Every day, millions of kids in the U.S. participate in sports. Participation in athletics
improves physical fitness, coordination, and self-discipline. Many sports encourage teamwork.
Participation occasionally results in injury. Most are minor, some are life altering. Last year
there were approximately 3 ½ million youth sports injuries treated in medical settings.
In children less than 10 years old, injuries usually occur during recreational activities
such as bike riding, skate boarding, and yard play. In contrast, adolescent children are generally
injured during organized sporting events, including football, soccer, and basketball. Bigger kids
tend to have more severe collisions. There is greater force involved due to their size and strength.
Injuries are classified as acute or chronic. They can involve muscle, tendon, ligaments,
and bone. Acute injuries are frequently caused by a collision or sudden twist. This can result in
sprains/strains, contusions, or fractures. Chronic injuries are the result of small, repetitive
injuries occurring over time. Over the last decade, we have seen a significant increase in overuse
injuries, as children and frequently parents, strive for excellence. This is particularly common in
pitchers and running athletes.
Body parts injured may vary by equipment used. Projectile eye injuries occur in baseball
and tennis. Injuries also vary by sport played. Lower extremity injuries are more common in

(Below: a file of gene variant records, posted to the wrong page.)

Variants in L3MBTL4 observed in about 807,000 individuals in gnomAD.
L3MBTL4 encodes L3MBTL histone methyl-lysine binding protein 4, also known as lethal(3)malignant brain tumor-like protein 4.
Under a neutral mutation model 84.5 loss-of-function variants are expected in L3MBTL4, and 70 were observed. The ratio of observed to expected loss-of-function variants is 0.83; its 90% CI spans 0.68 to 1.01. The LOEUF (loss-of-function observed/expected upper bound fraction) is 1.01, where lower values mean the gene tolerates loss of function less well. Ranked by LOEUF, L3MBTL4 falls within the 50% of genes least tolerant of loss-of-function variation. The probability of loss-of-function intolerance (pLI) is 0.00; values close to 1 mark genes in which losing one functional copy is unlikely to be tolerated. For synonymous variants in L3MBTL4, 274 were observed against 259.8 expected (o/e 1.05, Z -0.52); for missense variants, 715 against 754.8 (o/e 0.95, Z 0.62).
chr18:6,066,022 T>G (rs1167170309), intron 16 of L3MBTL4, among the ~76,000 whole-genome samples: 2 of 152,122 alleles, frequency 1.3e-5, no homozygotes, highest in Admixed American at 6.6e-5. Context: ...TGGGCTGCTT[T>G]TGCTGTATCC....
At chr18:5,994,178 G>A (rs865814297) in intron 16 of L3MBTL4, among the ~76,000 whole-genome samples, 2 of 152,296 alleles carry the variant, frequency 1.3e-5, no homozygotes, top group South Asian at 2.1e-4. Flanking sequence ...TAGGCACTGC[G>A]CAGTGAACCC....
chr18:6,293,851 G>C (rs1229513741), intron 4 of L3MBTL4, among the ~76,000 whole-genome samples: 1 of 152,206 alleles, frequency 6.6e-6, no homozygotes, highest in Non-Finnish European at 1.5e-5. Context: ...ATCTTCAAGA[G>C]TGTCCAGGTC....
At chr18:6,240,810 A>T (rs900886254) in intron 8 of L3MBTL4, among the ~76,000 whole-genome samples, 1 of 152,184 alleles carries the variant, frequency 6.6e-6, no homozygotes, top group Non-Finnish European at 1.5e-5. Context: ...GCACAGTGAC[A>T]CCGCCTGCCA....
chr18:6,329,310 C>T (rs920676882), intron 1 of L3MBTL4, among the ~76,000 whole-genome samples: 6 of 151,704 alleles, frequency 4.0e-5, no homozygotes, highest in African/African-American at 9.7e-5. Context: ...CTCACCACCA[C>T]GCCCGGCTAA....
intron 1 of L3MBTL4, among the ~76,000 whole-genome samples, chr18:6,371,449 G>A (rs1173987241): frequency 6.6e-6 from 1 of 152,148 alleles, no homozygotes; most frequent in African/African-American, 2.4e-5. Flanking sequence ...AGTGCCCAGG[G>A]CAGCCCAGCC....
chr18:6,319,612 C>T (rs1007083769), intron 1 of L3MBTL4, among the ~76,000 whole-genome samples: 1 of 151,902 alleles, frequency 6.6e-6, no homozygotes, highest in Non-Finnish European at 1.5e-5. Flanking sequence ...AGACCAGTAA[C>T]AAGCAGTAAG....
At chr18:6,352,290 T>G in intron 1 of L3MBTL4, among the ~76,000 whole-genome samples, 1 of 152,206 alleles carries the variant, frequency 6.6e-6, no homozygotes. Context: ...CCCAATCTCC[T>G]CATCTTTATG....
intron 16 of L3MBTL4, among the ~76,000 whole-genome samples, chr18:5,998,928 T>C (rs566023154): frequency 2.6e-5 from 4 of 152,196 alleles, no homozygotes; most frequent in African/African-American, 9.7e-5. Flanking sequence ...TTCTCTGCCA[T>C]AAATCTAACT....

soccer and basketball. Sex of your child can also play a role in the type of injury that occurs.
Adolescent females tend to have more non-contact knee anterior cruciate ligament (ACL)
injuries in basketball and soccer than males.
Fortunately, catastrophic injuries are rare. These injuries can be the result of direct
trauma (football, ice hockey), or may result indirectly (heat stroke).
So how do we prevent, or at least decrease the chances of an injury occurring? Injury
prevention is a dynamic, multi-tiered process that involves close interaction of athletes, coaches,
trainers, medical personnel, and parents. Everyone plays a vital role.
Injury prevention begins with the pre-participation physical evaluation. Your physician
can detect conditions which could make athletic participation dangerous, such as certain cardiac,
respiratory, or orthopedic conditions.
Sports specific conditioning has received a lot of attention recently. The risk of certain
injuries can be minimized by teaching proper training, strengthening, and conditioning
techniques. This is particularly relevant with the prevention of ACL (anterior cruciate ligament)
injuries in adolescent female athletes. The incidence of common overuse elbow and shoulder
injuries can also be minimized by proper training and by limiting the number of pitches and
Heat stroke and heat exhaustion are preventable. We have specific protocols being used
at our High Schools by coaches and trainers to minimize heat exposure. Concussion recognition
and management has also been standardized at our schools. All of our athletes must be cleared
before returning to play.
I am happy to note that in my 20 plus years of treating athletes, I have seen very few
catastrophic injuries. While some injuries are preventable, some simply are not. We owe it to
our kids to help minimize their risk of injury with education, sport specific training and
conditioning, and close monitoring.
Andrew J. Marcus, D.O.
Dr. Marcus is a Board Certified, Fellowship Trained Orthopedic Sports Medicine Specialist with
University Orthopedics Center in State College, PA